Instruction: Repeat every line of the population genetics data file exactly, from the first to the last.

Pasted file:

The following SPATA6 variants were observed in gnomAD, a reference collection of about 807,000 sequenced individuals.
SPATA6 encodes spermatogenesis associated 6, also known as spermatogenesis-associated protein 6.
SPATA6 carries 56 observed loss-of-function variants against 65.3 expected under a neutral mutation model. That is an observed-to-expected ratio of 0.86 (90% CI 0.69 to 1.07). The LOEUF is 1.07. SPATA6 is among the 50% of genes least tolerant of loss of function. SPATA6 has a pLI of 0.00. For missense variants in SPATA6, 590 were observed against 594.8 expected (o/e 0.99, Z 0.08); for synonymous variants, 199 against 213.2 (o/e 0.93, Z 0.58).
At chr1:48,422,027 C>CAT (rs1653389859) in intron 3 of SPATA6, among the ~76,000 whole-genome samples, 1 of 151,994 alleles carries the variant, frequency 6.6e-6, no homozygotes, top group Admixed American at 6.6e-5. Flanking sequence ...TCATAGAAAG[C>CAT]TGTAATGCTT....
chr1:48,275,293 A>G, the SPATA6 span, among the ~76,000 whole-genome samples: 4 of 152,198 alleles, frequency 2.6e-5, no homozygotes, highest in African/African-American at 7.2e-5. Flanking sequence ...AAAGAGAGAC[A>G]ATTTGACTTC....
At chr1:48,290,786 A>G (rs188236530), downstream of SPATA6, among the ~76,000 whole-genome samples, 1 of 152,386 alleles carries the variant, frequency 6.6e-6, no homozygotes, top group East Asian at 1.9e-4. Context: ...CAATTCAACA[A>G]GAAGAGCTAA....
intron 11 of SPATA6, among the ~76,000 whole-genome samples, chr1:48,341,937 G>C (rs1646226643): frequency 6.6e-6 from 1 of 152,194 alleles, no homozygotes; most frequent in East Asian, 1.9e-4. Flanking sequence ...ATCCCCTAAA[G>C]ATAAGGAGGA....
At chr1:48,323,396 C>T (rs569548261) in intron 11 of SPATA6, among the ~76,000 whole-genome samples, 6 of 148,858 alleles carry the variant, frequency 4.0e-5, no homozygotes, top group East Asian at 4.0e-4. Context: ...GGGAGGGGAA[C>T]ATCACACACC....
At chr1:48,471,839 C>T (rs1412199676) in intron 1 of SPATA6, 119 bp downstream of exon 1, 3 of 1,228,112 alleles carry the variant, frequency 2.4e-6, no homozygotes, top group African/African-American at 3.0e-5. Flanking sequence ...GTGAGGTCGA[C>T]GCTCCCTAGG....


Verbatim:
The following SPATA6 variants were observed in gnomAD, a reference collection of about 807,000 sequenced individuals.
SPATA6 encodes spermatogenesis associated 6, also known as spermatogenesis-associated protein 6.
SPATA6 carries 56 observed loss-of-function variants against 65.3 expected under a neutral mutation model. That is an observed-to-expected ratio of 0.86 (90% CI 0.69 to 1.07). The LOEUF is 1.07. SPATA6 is among the 50% of genes least tolerant of loss of function. SPATA6 has a pLI of 0.00. For missense variants in SPATA6, 590 were observed against 594.8 expected (o/e 0.99, Z 0.08); for synonymous variants, 199 against 213.2 (o/e 0.93, Z 0.58).
At chr1:48,422,027 C>CAT (rs1653389859) in intron 3 of SPATA6, among the ~76,000 whole-genome samples, 1 of 151,994 alleles carries the variant, frequency 6.6e-6, no homozygotes, top group Admixed American at 6.6e-5. Flanking sequence ...TCATAGAAAG[C>CAT]TGTAATGCTT....
chr1:48,275,293 A>G, the SPATA6 span, among the ~76,000 whole-genome samples: 4 of 152,198 alleles, frequency 2.6e-5, no homozygotes, highest in African/African-American at 7.2e-5. Flanking sequence ...AAAGAGAGAC[A>G]ATTTGACTTC....
At chr1:48,290,786 A>G (rs188236530), downstream of SPATA6, among the ~76,000 whole-genome samples, 1 of 152,386 alleles carries the variant, frequency 6.6e-6, no homozygotes, top group East Asian at 1.9e-4. Context: ...CAATTCAACA[A>G]GAAGAGCTAA....
intron 11 of SPATA6, among the ~76,000 whole-genome samples, chr1:48,341,937 G>C (rs1646226643): frequency 6.6e-6 from 1 of 152,194 alleles, no homozygotes; most frequent in East Asian, 1.9e-4. Flanking sequence ...ATCCCCTAAA[G>C]ATAAGGAGGA....
At chr1:48,323,396 C>T (rs569548261) in intron 11 of SPATA6, among the ~76,000 whole-genome samples, 6 of 148,858 alleles carry the variant, frequency 4.0e-5, no homozygotes, top group East Asian at 4.0e-4. Context: ...GGGAGGGGAA[C>T]ATCACACACC....
At chr1:48,471,839 C>T (rs1412199676) in intron 1 of SPATA6, 119 bp downstream of exon 1, 3 of 1,228,112 alleles carry the variant, frequency 2.4e-6, no homozygotes, top group African/African-American at 3.0e-5. Flanking sequence ...GTGAGGTCGA[C>T]GCTCCCTAGG....